HOUSTON — For 10 years, Ray Gravenstein and his cat Boomer were inseparable.
Boomer, a medium-haired tabby with golden striped fur, beautiful green eyes, white socks for paws and a large poufy tail, was there in the early mornings with Ray waiting for the morning paper. And in the afternoons as Ray fiddled in the backyard, Boomer sunbathed near the pool.
“He was my baby boy,” Ray said recently in his living room while wearing a Real Men Love Cats t-shirt. “They were always trying to get him to lose weight and I wanted him to get bigger—a big old tiger.”
Linda Gravenstein, Ray’s wife, said Boomer was the alpha of the house and had an attitude. One time, Linda recalled, Boomer trapped their visiting daughter in a bedroom, who had to call them to get Boomer so she could go to the bathroom.
“He was jealous,” Linda said, laughing. “Oh, my God, he was awesome. He was the Boomer.”
One morning this past January, Boomer was sunbathing on the front porch when Linda heard loud, barking dogs nearby. Worried, she called out to her husband. Video captured by their Ring Doorbell showed what happened next.
Ray stepped out the front door and found a neighbor’s two dogs had gotten loose. One of them, a stocky brown pit bull, had Boomer’s abdomen clenched in its jaws. Boomer screeched as Ray started punching the dog.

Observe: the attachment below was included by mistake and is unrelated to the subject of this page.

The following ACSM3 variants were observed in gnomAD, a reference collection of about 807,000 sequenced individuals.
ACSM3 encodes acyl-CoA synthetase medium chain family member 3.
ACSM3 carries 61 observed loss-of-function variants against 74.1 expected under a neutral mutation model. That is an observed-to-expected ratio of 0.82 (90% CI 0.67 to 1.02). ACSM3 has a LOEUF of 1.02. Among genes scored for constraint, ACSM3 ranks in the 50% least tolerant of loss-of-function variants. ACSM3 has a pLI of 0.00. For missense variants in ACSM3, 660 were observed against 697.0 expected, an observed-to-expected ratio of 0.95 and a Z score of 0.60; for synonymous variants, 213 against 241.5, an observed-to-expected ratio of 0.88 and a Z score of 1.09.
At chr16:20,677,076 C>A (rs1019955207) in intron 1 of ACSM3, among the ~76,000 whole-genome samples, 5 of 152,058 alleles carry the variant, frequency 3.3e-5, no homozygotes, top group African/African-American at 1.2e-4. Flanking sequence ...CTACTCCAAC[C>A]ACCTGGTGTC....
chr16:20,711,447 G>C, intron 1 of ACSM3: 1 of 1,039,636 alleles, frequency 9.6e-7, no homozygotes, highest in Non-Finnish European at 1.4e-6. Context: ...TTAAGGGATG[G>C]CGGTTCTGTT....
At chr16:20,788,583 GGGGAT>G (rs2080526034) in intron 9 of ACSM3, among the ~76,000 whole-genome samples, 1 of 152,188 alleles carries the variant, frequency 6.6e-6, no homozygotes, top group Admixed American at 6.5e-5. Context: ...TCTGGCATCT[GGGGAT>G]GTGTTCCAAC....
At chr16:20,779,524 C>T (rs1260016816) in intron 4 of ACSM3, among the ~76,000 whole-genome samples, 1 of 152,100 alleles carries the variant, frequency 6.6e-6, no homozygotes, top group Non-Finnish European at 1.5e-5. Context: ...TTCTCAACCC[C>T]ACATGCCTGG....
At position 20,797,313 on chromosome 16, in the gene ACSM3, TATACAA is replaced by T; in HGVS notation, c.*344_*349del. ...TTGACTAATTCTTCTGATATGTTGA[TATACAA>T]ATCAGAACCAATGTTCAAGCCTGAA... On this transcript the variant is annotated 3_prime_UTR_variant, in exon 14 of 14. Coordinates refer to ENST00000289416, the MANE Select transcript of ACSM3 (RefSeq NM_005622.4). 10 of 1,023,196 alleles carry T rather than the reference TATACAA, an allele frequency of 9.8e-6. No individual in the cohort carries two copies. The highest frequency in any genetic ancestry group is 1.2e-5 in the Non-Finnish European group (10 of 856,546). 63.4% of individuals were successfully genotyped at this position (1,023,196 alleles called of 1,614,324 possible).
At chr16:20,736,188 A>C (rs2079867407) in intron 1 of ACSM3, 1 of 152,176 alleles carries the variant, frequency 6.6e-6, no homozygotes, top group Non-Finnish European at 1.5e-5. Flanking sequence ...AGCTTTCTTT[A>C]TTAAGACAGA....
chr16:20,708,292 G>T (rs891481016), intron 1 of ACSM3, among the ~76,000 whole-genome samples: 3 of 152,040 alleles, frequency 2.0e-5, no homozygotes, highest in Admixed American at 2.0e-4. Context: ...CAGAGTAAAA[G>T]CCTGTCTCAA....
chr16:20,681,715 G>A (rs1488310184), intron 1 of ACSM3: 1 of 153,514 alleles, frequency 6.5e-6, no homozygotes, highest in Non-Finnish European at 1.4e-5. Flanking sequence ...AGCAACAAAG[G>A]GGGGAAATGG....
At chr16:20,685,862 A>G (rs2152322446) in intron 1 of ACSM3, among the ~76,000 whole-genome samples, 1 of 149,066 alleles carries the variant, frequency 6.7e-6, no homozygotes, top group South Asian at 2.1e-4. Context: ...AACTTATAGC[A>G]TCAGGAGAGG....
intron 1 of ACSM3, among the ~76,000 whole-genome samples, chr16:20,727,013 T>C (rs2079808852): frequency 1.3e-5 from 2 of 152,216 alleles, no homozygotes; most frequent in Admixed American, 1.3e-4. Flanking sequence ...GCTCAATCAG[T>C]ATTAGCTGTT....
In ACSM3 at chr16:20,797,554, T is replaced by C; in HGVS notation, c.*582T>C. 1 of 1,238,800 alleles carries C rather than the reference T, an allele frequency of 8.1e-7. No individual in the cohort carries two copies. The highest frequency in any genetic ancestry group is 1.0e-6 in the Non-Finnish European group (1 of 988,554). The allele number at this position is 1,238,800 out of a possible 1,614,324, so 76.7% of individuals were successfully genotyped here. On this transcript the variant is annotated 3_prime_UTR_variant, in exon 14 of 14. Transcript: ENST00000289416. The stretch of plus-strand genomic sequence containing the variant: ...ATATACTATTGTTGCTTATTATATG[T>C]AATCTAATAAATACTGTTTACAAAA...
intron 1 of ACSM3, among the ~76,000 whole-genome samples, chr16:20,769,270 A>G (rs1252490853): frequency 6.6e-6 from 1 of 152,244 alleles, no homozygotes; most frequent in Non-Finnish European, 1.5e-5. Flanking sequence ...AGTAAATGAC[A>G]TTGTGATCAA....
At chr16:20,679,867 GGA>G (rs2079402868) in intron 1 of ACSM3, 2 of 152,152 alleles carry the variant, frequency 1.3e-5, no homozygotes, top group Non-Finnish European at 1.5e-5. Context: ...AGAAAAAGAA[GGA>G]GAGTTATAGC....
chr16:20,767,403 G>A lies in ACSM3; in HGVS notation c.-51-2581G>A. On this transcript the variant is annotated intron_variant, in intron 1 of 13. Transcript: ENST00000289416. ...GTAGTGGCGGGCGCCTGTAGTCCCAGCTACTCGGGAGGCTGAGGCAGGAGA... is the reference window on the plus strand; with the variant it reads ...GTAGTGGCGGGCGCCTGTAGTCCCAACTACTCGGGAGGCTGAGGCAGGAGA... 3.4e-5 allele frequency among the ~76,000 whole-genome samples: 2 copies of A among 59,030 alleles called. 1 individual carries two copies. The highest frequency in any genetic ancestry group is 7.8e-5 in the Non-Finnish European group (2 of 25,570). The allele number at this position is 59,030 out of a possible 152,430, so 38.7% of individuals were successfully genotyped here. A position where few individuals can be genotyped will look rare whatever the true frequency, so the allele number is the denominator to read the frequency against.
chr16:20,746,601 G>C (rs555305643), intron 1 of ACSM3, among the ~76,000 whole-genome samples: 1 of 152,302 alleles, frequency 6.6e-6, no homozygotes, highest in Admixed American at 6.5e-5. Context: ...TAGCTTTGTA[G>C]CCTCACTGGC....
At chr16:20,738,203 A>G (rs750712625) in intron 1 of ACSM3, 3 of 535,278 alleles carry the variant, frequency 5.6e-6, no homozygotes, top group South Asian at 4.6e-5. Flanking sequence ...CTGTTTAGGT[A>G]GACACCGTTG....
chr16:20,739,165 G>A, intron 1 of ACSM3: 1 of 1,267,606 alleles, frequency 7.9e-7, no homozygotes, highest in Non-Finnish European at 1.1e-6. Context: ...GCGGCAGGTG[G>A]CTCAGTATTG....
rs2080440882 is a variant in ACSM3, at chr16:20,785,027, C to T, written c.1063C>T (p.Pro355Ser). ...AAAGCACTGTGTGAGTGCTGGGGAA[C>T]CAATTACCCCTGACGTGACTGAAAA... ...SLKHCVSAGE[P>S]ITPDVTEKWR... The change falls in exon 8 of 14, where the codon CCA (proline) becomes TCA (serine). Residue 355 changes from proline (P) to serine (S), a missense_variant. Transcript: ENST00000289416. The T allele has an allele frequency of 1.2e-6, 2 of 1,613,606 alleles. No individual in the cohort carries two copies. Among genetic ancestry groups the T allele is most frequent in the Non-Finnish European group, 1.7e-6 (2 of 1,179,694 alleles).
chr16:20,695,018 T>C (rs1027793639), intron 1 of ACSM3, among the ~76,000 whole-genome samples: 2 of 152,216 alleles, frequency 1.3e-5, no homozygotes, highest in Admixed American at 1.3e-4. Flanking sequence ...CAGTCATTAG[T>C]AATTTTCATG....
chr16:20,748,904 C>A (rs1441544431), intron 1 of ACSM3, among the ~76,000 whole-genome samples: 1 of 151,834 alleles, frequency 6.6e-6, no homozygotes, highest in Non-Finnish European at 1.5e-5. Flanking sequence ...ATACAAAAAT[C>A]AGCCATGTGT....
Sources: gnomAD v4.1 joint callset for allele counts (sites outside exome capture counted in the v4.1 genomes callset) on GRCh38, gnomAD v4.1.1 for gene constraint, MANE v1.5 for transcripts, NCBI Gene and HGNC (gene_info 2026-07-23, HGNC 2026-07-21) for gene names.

“Hey, stop it! Get out of here! Get out of here!” he yelled.
He punched and kicked — again and again, and again.
“He was rock solid. My fist would basically bounce off of him,” Ray recalled months later in his living room.
Finally, after what felt like an eternity for Ray, it let go and the two dogs ran away. Boomer staggered into nearby bushes. Ray could hear Boomer wheezing, his breaths labored, as he carried him inside.
“Something was internally wrong,” Ray said.
Linda wrapped Boomer in a towel. Their vet told them to get him to the nearest animal hospital right away. They hurried to their car.
Boomer died before they pulled out of the driveway.
Ray was heartbroken and furious. The two dogs escaped from a house down the street, and the Gravensteins took the family to the family to court. They wanted the dogs declared dangerous. Ray wanted them euthanized.
But that isn’t so easy. Under Texas law, a dog can only be declared dangerous if it attacks a person, not another animal.